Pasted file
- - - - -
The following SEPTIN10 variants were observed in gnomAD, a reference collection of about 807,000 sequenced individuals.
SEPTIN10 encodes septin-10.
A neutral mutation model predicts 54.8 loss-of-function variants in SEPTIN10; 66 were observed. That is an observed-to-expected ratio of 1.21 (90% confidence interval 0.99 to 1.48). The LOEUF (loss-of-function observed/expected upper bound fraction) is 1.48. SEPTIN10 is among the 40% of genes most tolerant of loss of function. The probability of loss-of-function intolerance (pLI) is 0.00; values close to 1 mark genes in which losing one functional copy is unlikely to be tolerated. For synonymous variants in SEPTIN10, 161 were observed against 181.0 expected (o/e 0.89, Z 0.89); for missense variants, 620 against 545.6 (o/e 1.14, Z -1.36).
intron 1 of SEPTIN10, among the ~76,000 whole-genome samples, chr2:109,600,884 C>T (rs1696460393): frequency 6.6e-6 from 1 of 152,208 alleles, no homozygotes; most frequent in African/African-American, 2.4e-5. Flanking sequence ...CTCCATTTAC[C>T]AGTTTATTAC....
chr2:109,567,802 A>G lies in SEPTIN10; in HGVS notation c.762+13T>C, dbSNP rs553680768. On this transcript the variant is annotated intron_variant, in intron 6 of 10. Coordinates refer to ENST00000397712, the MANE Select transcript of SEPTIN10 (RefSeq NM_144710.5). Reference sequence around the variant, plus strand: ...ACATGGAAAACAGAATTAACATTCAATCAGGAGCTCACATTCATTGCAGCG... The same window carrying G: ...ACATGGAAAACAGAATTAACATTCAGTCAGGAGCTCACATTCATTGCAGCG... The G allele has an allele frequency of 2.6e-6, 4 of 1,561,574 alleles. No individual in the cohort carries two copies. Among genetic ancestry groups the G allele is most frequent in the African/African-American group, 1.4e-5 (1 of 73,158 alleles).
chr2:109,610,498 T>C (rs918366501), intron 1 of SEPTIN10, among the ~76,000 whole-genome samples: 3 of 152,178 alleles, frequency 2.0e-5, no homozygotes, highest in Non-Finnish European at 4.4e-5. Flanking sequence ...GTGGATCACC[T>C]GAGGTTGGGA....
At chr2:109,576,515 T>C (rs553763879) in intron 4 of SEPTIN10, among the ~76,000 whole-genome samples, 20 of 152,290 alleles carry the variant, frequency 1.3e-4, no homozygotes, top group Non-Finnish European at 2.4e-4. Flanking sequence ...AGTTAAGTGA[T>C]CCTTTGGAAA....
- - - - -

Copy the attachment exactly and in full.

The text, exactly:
The following SEPTIN10 variants were observed in gnomAD, a reference collection of about 807,000 sequenced individuals.
SEPTIN10 encodes septin-10.
A neutral mutation model predicts 54.8 loss-of-function variants in SEPTIN10; 66 were observed. That is an observed-to-expected ratio of 1.21 (90% confidence interval 0.99 to 1.48). The LOEUF (loss-of-function observed/expected upper bound fraction) is 1.48. SEPTIN10 is among the 40% of genes most tolerant of loss of function. The probability of loss-of-function intolerance (pLI) is 0.00; values close to 1 mark genes in which losing one functional copy is unlikely to be tolerated. For synonymous variants in SEPTIN10, 161 were observed against 181.0 expected (o/e 0.89, Z 0.89); for missense variants, 620 against 545.6 (o/e 1.14, Z -1.36).
intron 1 of SEPTIN10, among the ~76,000 whole-genome samples, chr2:109,600,884 C>T (rs1696460393): frequency 6.6e-6 from 1 of 152,208 alleles, no homozygotes; most frequent in African/African-American, 2.4e-5. Flanking sequence ...CTCCATTTAC[C>T]AGTTTATTAC....
chr2:109,567,802 A>G lies in SEPTIN10; in HGVS notation c.762+13T>C, dbSNP rs553680768. On this transcript the variant is annotated intron_variant, in intron 6 of 10. Coordinates refer to ENST00000397712, the MANE Select transcript of SEPTIN10 (RefSeq NM_144710.5). Reference sequence around the variant, plus strand: ...ACATGGAAAACAGAATTAACATTCAATCAGGAGCTCACATTCATTGCAGCG... The same window carrying G: ...ACATGGAAAACAGAATTAACATTCAGTCAGGAGCTCACATTCATTGCAGCG... The G allele has an allele frequency of 2.6e-6, 4 of 1,561,574 alleles. No individual in the cohort carries two copies. Among genetic ancestry groups the G allele is most frequent in the African/African-American group, 1.4e-5 (1 of 73,158 alleles).
chr2:109,610,498 T>C (rs918366501), intron 1 of SEPTIN10, among the ~76,000 whole-genome samples: 3 of 152,178 alleles, frequency 2.0e-5, no homozygotes, highest in Non-Finnish European at 4.4e-5. Flanking sequence ...GTGGATCACC[T>C]GAGGTTGGGA....
At chr2:109,576,515 T>C (rs553763879) in intron 4 of SEPTIN10, among the ~76,000 whole-genome samples, 20 of 152,290 alleles carry the variant, frequency 1.3e-4, no homozygotes, top group Non-Finnish European at 2.4e-4. Flanking sequence ...AGTTAAGTGA[T>C]CCTTTGGAAA....